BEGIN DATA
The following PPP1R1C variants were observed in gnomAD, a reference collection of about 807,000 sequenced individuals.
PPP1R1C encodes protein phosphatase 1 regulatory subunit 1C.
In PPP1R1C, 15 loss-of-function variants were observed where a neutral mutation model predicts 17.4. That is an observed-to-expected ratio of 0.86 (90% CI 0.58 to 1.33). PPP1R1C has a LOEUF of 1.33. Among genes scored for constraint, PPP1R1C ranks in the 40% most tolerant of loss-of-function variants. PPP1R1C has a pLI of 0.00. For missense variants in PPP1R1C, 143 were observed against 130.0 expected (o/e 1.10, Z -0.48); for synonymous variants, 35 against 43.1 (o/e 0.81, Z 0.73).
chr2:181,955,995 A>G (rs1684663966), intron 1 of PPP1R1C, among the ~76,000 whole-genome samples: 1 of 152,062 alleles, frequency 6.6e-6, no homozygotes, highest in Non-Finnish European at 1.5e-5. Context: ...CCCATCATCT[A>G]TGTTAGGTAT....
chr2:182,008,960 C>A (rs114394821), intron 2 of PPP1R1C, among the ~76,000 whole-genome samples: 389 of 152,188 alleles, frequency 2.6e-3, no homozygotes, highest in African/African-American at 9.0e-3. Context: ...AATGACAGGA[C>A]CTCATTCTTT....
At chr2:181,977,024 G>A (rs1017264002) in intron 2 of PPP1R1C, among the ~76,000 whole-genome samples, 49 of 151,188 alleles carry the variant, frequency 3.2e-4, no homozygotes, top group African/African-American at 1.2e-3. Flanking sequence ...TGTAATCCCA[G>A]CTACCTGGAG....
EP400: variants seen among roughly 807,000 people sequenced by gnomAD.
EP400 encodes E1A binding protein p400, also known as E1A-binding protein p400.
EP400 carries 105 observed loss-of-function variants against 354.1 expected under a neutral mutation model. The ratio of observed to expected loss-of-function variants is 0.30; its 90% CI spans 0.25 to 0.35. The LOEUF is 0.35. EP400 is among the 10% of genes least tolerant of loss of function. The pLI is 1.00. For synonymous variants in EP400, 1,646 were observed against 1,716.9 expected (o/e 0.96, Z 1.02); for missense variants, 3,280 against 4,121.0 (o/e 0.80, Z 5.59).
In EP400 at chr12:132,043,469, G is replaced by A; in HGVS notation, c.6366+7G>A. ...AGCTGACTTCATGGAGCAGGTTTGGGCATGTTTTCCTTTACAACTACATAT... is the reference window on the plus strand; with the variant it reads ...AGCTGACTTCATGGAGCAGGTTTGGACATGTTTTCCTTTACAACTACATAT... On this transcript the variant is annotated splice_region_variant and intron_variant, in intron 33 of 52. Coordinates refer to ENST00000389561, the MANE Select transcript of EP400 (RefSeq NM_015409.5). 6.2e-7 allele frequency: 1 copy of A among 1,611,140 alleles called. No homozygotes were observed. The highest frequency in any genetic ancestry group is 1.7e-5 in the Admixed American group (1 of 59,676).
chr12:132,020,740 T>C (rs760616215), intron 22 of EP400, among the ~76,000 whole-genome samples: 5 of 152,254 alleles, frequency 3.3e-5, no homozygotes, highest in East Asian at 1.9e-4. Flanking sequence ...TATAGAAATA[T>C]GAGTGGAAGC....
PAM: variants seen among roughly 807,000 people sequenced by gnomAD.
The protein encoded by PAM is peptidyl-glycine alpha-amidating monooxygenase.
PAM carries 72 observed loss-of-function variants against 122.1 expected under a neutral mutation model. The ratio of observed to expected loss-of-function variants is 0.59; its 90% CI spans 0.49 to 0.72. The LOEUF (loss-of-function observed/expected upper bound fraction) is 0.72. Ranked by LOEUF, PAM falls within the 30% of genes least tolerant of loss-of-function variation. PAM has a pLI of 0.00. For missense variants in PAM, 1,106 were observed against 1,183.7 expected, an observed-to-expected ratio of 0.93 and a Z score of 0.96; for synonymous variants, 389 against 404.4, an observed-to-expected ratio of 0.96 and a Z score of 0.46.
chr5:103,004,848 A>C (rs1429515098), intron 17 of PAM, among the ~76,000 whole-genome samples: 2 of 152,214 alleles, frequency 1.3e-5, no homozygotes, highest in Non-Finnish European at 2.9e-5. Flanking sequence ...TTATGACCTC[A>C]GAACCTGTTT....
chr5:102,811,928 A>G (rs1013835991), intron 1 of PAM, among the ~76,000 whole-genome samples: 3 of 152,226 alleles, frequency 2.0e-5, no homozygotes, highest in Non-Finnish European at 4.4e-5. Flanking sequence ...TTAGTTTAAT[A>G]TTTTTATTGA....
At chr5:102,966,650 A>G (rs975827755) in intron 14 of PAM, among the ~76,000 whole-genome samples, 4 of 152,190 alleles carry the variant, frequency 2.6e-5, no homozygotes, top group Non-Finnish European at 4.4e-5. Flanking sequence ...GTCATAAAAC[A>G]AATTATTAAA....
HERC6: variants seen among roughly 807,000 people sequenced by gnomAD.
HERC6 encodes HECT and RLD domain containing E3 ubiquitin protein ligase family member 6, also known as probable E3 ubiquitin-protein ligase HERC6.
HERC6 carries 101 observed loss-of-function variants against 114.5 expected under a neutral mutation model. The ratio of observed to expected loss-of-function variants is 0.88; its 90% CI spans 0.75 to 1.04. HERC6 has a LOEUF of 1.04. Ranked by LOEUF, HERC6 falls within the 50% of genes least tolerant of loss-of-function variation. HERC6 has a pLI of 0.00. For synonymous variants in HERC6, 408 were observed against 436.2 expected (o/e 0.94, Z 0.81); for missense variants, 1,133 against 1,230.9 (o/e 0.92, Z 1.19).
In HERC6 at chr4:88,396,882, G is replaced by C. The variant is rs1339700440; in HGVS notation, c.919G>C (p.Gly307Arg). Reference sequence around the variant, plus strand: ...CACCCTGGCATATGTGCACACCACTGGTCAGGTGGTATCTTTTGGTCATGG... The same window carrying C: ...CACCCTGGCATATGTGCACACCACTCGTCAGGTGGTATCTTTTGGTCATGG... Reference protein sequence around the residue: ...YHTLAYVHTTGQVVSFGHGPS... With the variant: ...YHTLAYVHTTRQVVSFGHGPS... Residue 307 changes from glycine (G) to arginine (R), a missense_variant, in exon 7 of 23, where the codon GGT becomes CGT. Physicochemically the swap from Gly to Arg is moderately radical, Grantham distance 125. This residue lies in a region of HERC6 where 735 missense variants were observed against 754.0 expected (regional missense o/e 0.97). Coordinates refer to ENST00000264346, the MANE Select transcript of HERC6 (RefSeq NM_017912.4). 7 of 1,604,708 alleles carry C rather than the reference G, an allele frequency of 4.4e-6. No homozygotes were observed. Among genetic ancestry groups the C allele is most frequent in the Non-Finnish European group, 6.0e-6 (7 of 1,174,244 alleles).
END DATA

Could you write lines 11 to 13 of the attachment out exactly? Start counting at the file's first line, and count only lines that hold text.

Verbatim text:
chr12:132,020,740 T>C (rs760616215), intron 22 of EP400, among the ~76,000 whole-genome samples: 5 of 152,254 alleles, frequency 3.3e-5, no homozygotes, highest in East Asian at 1.9e-4. Flanking sequence ...TATAGAAATA[T>C]GAGTGGAAGC....
PAM: variants seen among roughly 807,000 people sequenced by gnomAD.
The protein encoded by PAM is peptidyl-glycine alpha-amidating monooxygenase.